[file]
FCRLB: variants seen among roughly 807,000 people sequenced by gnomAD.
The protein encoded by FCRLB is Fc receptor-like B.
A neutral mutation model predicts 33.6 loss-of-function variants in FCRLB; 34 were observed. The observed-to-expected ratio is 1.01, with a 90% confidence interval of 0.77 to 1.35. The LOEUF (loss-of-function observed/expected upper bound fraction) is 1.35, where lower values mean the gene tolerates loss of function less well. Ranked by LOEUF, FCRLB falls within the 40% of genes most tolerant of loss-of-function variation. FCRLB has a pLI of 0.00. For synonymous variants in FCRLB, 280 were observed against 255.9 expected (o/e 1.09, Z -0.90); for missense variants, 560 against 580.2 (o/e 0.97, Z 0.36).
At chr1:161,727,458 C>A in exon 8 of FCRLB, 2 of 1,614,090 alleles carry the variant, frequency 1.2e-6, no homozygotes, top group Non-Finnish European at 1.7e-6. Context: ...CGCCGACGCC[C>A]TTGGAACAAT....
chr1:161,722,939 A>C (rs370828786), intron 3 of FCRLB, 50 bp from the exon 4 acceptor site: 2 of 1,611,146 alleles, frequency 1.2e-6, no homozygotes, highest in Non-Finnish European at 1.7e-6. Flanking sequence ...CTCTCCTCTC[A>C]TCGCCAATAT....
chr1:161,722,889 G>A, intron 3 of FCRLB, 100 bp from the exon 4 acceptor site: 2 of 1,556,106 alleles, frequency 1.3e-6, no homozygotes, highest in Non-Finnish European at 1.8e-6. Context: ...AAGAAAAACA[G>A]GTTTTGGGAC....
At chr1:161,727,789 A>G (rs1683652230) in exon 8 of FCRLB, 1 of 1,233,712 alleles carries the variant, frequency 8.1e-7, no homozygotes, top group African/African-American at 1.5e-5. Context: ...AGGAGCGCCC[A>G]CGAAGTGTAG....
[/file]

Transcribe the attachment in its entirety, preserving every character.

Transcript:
FCRLB: variants seen among roughly 807,000 people sequenced by gnomAD.
The protein encoded by FCRLB is Fc receptor-like B.
A neutral mutation model predicts 33.6 loss-of-function variants in FCRLB; 34 were observed. The observed-to-expected ratio is 1.01, with a 90% confidence interval of 0.77 to 1.35. The LOEUF (loss-of-function observed/expected upper bound fraction) is 1.35, where lower values mean the gene tolerates loss of function less well. Ranked by LOEUF, FCRLB falls within the 40% of genes most tolerant of loss-of-function variation. FCRLB has a pLI of 0.00. For synonymous variants in FCRLB, 280 were observed against 255.9 expected (o/e 1.09, Z -0.90); for missense variants, 560 against 580.2 (o/e 0.97, Z 0.36).
At chr1:161,727,458 C>A in exon 8 of FCRLB, 2 of 1,614,090 alleles carry the variant, frequency 1.2e-6, no homozygotes, top group Non-Finnish European at 1.7e-6. Context: ...CGCCGACGCC[C>A]TTGGAACAAT....
chr1:161,722,939 A>C (rs370828786), intron 3 of FCRLB, 50 bp from the exon 4 acceptor site: 2 of 1,611,146 alleles, frequency 1.2e-6, no homozygotes, highest in Non-Finnish European at 1.7e-6. Flanking sequence ...CTCTCCTCTC[A>C]TCGCCAATAT....
chr1:161,722,889 G>A, intron 3 of FCRLB, 100 bp from the exon 4 acceptor site: 2 of 1,556,106 alleles, frequency 1.3e-6, no homozygotes, highest in Non-Finnish European at 1.8e-6. Context: ...AAGAAAAACA[G>A]GTTTTGGGAC....
At chr1:161,727,789 A>G (rs1683652230) in exon 8 of FCRLB, 1 of 1,233,712 alleles carries the variant, frequency 8.1e-7, no homozygotes, top group African/African-American at 1.5e-5. Context: ...AGGAGCGCCC[A>G]CGAAGTGTAG....